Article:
Eastward, the sky was covered with pale cobalt; and in the midst of the far-spreading blue hung a white and crimson cloud, like a puff of bright-stained vapour blown up above the rim of the world. Westward, the sky was coloured with brilliant primrose; and on the edge of the distant moorlands lay a great bank of mist, rainbow - tinted with deep violet, and rose, and orange. For a space immediately on each side of the mist the primrose deepened into daffodil—a chaste yet intense splendour that seemed to stretch into infinite distances and overlap the sharply defined ridges of the dark horizon. The green of the upland pasture and the brown of the ploughland beyond were veiled by a shimmering twilight haze, in which the varied tints of the sky harmoniously blended, till the umber and indigo shadows of night loomed over the hills, and the daffodil flame flickered and vanished over the last red ember of the afterglow. Thus the first calm day of early spring drew to its close.

Kweek, the little field-vole, asleep in his hidden nest beneath the moss, was roused by the promise that Olwen, the White-footed, who had come to her own beautiful valley among our western hills, whispered as she passed along the slope above the mill-dam in the glen. He uncurled himself on the litter of withered grass-bents that formed his winter couch, crept towards the nearest bolt-hole of his burrow, and peeped at the fleecy clouds as they wandered idly overhead. He inhaled long, deep breaths of the fresh, warm air; then, conscious of new, increasing strength, he continued his way underground to the granary in which, some months ago, his mother had stored the columbine seeds. But the earth had been scratched away from the storehouse door, and nothing remained of the winter supplies. Hungry and thirsty, yet not daring to roam abroad while the sun was high, the vole moved from chamber to chamber of his burrow, washed himself thoroughly from the tip of his nose to the tip of his tail, then, feeling lonely, awakened his parents from their heavy sleep, and spent the afternoon thinking and dreaming, till the sun sank low in the glory of the aureolin sky, and the robin's vesper trilled wistfully from the hawthorns on the fringe of the shadowed wood. Becoming venturesome with the near approach of night, but still remembering the danger that had threatened him before the last period of his winter sleep, he lifted himself warily above the ground, and for a little while stayed near the mound of earth beside the door of his burrow. Cramped from long disuse, every muscle in his body seemed in need of vigorous exertion, while with each succeeding breath of the cool twilight air his hunger and thirst increased.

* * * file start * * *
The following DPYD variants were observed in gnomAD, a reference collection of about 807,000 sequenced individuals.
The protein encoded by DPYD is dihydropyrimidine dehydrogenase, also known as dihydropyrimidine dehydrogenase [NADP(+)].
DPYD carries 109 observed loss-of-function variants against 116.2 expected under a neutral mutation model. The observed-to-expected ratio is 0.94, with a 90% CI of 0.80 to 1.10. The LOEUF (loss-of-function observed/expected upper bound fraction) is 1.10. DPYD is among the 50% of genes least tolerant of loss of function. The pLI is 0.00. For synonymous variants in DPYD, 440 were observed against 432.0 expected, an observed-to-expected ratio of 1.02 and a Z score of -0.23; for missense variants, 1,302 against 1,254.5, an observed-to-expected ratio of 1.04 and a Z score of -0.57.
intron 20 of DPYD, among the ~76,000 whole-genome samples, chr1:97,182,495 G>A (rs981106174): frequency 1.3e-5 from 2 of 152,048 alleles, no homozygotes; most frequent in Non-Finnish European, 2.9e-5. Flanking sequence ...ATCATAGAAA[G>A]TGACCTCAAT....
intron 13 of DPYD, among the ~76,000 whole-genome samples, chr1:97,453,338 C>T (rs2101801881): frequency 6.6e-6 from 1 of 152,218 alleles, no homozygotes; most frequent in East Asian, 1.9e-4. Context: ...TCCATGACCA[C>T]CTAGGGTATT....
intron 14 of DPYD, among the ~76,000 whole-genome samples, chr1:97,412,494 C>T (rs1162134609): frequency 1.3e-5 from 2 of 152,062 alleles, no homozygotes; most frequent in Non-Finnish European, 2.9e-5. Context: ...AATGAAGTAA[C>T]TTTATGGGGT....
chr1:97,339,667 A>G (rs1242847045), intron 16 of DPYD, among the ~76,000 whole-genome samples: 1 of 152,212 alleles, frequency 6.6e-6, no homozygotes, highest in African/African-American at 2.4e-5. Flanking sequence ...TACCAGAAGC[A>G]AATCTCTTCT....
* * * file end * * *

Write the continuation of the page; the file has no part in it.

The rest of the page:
Determined to find food and water, Kweek started towards the copse. No beaten pathway guided his footsteps; wind and rain, frost and thaw, and the new, slow growth of the grass, had obliterated every trail. But by following the scent of the parent voles that had already stolen into the wood, he reached in safety the banks of the rill. Having quenched his thirst, he scratched the soft soil from beneath a stone and satisfied his hunger with some succulent sprouts of herbage there exposed to sight. Soon, tired from his unwonted exertion, and feeling great pain through having torn the pads of his feet—which, like those of all hibernating animals, had become extremely tender from want of exercise—he crept home to his burrow, and rested till the soreness had gone from his limbs, and he felt active and hungry again.